Training and socialization. Some breeders sell their dogs after they are trained and socialized. It will increase the puppy’s price but generate savings as you most probably won’t have to invest in more training and also gives a better chance to get a well-behaved dog.

Breed popularity in the buyer’s location. Local supply and demand will have an impact on puppy prices. For example, small dogs tend to be more popular in metropolitan areas where people live in smaller spaces. Some breeds are more in demand in colder climates, others where hunting is popular, etc. It is worth looking for prices in different locations, but it is risky to buy a dog without having seen it before or at least have met with the breeder and visited the kennel.

Age. As most people want to get their puppy as young as possible, prices tend to be lower when the dog gets older. For example, on average a 6-month-old pup is likely to be less expensive than an 8-week-old one.

Coat color and markings. Coat color trends can change quickly. For any breed, some colors are more popular than others, sometimes temporarily. When the interest for a specific coat color grows, puppies get more expensive as an increase in demand leads to a higher market price. Also, for purebred dogs, only specific colors and color combinations are accepted by kennel clubs. Finally, puppies with rare colors can be very expensive as well.

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What supplies should you buy for a Giant Schnauzer?

Our team has filtered over 250 items across the best-sellers lists on Amazon, Walmart, and PetSmart to help gauge your expenses when it comes to supplies needed for a large dog like the Giant Schnauzer. From these figures, the cost of supplies for the first year should fall within the $215-$855 range, with an average cost of $450.

Supplies PricesRangeAverage Cost
Food & Water Bowls$10 – $40$20
Dog Collars (x2) $10 – $40 $20
Leash $10 – $30 $15
ID Tag with Phone Number $5 – $20 $10
Dog Bed (36″ or 42″) $20 – $85 $50
Dog Crate (36″ or 42″) $30 – $120 $55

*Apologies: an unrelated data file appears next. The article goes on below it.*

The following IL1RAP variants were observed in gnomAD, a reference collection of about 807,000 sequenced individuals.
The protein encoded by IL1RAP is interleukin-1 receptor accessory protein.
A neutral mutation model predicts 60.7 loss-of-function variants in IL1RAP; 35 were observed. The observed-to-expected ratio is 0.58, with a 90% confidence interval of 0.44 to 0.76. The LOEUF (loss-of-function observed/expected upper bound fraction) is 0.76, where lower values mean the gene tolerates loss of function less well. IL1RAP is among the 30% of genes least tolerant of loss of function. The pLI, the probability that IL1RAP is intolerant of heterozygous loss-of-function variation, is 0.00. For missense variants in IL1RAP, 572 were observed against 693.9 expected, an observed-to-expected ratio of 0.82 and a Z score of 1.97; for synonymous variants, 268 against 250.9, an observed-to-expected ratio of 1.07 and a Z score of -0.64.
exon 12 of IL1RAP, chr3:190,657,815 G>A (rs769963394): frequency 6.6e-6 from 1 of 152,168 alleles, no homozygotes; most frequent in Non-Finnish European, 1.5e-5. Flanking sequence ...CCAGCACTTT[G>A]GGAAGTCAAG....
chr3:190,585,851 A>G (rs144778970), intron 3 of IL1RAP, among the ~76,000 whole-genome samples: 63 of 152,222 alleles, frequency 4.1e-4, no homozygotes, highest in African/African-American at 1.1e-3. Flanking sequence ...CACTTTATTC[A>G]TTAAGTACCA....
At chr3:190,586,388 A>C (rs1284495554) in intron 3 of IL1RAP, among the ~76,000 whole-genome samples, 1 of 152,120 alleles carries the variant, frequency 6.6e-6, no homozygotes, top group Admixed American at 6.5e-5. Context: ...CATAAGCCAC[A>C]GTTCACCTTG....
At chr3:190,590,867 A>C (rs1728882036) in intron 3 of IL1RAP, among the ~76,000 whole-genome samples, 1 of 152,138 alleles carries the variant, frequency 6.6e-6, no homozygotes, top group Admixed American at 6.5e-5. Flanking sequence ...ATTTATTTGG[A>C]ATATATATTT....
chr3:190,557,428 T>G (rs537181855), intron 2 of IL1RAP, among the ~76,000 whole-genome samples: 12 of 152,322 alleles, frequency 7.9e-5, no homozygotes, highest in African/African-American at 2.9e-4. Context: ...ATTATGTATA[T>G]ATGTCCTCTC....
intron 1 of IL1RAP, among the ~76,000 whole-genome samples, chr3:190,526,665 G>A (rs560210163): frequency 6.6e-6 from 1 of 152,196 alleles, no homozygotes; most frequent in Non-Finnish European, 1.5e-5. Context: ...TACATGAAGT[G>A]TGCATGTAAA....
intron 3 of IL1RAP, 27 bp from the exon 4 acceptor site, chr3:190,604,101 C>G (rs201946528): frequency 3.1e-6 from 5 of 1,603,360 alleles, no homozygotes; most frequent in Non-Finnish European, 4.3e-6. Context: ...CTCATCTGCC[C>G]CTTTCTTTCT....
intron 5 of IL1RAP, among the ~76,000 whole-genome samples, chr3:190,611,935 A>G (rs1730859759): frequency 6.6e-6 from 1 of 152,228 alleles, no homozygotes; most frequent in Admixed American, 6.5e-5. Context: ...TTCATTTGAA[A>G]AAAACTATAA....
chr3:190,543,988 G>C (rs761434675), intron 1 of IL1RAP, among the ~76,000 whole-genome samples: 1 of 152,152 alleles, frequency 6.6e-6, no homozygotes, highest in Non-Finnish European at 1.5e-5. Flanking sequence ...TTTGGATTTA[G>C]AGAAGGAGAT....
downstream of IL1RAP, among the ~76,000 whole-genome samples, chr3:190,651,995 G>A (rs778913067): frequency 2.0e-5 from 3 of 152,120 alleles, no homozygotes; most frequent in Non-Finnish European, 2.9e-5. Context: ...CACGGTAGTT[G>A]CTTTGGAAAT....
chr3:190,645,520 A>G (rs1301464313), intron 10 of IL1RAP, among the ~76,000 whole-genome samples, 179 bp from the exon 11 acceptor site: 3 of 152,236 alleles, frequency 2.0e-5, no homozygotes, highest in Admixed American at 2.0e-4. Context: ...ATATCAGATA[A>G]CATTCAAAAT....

Plastic Poop Bags (900-1080) $15 – $110 $55
Pooper Scooper $10 – $30 $20
House Training Pads (75-100) $15 – $45 $25
Stains and Odors Removal Spray $5 – $20 $10
Toys $50 – $155 $90
First-Aid Kit $15 – $50 $30
Brush $5 – $45 $15
Shampoo $5 – $20 $10
Tooth-brushing Kit $5 – $15 $10
Toenail Clippers $5 – $30 $15

Obviously, you will spend more on supplies for your Giant Schnauzer the first year. For each subsequent year, expect to pay $95-$385 on supplies, or $215 on average. It considers items that warrant repurchase, such as toys, hygiene-related products, and a dog bed. Prices can vary from store to store and depend on quality and location as well.

Total Supplies CostRangeAverage Cost
First Year$215 – $855$450
Subsequent Years$95 – $385$215

Keep in mind that we have not accounted for things like muzzles, harnesses, clothing and shoes, fences, doggy playpens, anti-chew sprays as the need for these products varies on a case-by-case basis. Finally, to find potentially better deals, consider checking second-hand websites and stores to save big.

Check our Dog Supplies Guide and get tips to choose the right items for you and your dog (bowls, collar, leash, bed, and crate size, etc.). Learn everything about costs, and find the best products available.

If you are on a budget check our special selection and buy everything new for less than $200.

For example, here are 5 of my favorite products, offering excellent value at a low price. You will find non-slip stainless-steel bowls, a lovely dog collar with different color and size options, a strong dog leash with a comfortable handle, a soft dog bed, and a great dog toy set supporting a non-profit dog rescue. Click on each image to check the price on Amazon.

Leave your email at the top or bottom of this article to get our free supplies checklist with tips to select the right size for each product.

Should you train your Giant Schnauzer?

Our expert animal behaviorist and dog trainer recommends that a Giant Schnauzer be professional trained. Alexa Diaz, Ph.D., suggests private lessons for positive leadership, house manners, as well as for potty and crate training and group lessons for basic obedience. Training should run you anywhere between $750-$1,000 for 5 to 7 private lessons plus $150-$200 for five 1-hour group lessons.

Training CostRangeAverage Cost
Giant Schnauzer$900 – $1,200$1,050

Dog training books are affordable and will also help you come to terms with the basics of raising and training a Giant Schnauzer dog.

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If you want to know whether to train your dog yourself or hire a professional and learn about the cost of training classes and supplies, check our article written with a certified dog trainer.